ENVIRONMENTAL DRIVERS OF PHYTOPLANKTON ABUNDANCE AND COMMUNITY SIZE COMPOSITION ACROSS THERMAL REGIMES IN THE U.S. NORTHEAST CONTINENTAL SHELF ECOSYSTEM
Date of Award
Master of Science in Oceanography
Phytoplankton are a diverse group of photosynthetic microorganisms and are critical components of global biogeochemical processes. Rapid changes in the U.S. Northeast Shelf (NES), a region where multiple marine heatwaves have occurred and is warming faster than the global ocean, may have far-reaching effects on ecosystems and biogeochemical processes; this study seeks to describe how these changes impact the drivers of phytoplankton abundance and community size composition within this region. Environmental drivers were characterized using multivariate modeling via partial least squares regression (PLSR) and the importance of each predictor variable was determined via variable influence on projection (VIP) scores. To illustrate the rapidly changing conditions within the NES, trends of sea surface temperature, phytoplankton abundance, and community size composition were constructed via the Theil-Sen approach. Our analyses suggest spatial variation across thermal regimes determines environmental drivers of phytoplankton abundance and community size composition within the NES. Euphotic depth is the primary environmental driver across all size classes, however, the relative impact of other drivers varies across size classes. Predictably, size classes less suited to warmer conditions are more impacted by drivers associated with these conditions. The changing community size composition, distribution, and abundance may have negative implications for biogeochemical processes within the region as well as consequences to the marine carbon cycle and food web.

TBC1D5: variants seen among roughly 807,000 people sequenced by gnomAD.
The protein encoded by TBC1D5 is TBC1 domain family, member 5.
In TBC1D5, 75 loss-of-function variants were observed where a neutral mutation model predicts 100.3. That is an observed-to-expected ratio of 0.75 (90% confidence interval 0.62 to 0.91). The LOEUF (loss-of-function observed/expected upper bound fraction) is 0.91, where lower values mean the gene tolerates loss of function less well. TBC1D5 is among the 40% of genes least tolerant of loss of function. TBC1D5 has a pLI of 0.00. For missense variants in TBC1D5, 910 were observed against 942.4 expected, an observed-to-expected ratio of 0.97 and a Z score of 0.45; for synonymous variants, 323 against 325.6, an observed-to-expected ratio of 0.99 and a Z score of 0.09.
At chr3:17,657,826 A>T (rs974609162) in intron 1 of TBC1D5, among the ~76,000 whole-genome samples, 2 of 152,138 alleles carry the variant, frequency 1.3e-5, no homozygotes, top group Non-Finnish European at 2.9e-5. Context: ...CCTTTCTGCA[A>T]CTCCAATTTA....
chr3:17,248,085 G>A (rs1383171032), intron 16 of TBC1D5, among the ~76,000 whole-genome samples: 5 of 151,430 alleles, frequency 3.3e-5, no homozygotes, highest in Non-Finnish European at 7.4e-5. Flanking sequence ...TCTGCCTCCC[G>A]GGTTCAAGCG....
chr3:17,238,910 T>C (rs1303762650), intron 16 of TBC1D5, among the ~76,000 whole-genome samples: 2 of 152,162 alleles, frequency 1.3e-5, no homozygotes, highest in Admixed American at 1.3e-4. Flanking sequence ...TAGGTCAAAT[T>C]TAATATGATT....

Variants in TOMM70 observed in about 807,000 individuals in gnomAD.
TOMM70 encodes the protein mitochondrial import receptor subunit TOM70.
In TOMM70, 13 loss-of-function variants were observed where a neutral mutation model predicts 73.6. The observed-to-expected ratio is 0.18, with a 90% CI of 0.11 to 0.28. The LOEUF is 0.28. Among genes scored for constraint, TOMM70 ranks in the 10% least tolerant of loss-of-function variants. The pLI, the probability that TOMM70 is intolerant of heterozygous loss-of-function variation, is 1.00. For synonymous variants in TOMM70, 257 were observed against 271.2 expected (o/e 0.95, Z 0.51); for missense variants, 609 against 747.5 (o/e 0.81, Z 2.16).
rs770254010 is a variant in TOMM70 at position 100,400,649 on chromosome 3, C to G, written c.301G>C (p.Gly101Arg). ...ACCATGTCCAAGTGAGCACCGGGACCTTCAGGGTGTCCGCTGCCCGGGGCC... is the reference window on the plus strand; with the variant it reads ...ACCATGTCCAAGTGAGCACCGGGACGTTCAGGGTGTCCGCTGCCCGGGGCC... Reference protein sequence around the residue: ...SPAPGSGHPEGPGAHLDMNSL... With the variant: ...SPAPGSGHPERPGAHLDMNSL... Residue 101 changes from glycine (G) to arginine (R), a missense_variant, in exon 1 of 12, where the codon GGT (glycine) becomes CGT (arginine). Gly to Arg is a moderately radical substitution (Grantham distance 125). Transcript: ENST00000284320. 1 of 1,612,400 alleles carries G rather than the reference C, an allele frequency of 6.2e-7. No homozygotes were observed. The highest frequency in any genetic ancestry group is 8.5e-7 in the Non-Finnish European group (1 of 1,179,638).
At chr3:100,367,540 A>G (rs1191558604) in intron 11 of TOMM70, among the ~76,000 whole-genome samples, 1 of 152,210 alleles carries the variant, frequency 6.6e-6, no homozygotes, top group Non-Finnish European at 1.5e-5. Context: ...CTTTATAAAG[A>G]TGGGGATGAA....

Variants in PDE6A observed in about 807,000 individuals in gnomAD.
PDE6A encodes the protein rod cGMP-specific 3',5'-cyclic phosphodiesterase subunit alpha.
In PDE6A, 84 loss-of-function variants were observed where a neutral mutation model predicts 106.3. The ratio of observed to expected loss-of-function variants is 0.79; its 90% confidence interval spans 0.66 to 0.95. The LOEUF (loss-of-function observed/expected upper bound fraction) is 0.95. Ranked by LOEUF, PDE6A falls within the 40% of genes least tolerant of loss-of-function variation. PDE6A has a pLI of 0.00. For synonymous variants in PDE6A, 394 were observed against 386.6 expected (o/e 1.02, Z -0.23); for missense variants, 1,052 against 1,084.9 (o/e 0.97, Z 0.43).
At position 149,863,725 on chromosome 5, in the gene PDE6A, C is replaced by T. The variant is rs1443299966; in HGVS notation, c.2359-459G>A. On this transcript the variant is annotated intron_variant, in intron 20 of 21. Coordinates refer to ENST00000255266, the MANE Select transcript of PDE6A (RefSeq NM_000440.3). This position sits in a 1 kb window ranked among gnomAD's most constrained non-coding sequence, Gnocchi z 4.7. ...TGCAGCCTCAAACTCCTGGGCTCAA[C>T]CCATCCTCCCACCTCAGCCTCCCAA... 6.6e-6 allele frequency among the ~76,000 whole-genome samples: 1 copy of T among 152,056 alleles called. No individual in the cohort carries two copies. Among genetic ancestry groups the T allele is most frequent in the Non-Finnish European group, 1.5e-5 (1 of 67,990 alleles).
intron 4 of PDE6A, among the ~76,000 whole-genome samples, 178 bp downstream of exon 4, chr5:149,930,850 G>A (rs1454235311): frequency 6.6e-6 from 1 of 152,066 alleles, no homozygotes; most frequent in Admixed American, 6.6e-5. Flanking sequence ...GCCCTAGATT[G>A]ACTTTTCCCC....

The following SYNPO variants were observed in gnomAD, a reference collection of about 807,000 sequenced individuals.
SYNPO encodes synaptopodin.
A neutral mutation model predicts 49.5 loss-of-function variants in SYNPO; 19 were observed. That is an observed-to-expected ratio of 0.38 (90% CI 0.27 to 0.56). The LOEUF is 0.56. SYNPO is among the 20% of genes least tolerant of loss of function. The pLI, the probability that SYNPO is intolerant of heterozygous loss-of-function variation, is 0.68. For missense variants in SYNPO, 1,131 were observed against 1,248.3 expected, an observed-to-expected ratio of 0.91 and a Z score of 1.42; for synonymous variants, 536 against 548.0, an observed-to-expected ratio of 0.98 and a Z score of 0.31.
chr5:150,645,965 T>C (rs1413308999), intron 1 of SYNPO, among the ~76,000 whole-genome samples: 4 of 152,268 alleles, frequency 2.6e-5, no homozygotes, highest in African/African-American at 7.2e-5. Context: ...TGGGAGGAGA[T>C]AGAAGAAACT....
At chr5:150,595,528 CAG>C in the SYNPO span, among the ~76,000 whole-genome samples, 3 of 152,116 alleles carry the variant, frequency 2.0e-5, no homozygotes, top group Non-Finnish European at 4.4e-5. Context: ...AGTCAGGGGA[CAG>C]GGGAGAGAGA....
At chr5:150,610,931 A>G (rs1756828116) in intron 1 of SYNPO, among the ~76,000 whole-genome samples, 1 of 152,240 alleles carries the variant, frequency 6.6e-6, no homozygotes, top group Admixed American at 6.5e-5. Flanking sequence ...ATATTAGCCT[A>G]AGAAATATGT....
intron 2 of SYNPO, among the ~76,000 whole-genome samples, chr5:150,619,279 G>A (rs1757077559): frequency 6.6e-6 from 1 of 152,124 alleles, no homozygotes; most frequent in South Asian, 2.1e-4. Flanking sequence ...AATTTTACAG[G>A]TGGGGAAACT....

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Cirivello, Rowan Murphy, "ENVIRONMENTAL DRIVERS OF PHYTOPLANKTON ABUNDANCE AND COMMUNITY SIZE COMPOSITION ACROSS THERMAL REGIMES IN THE U.S. NORTHEAST CONTINENTAL SHELF ECOSYSTEM" (2023). Open Access Master's Theses. Paper 2313.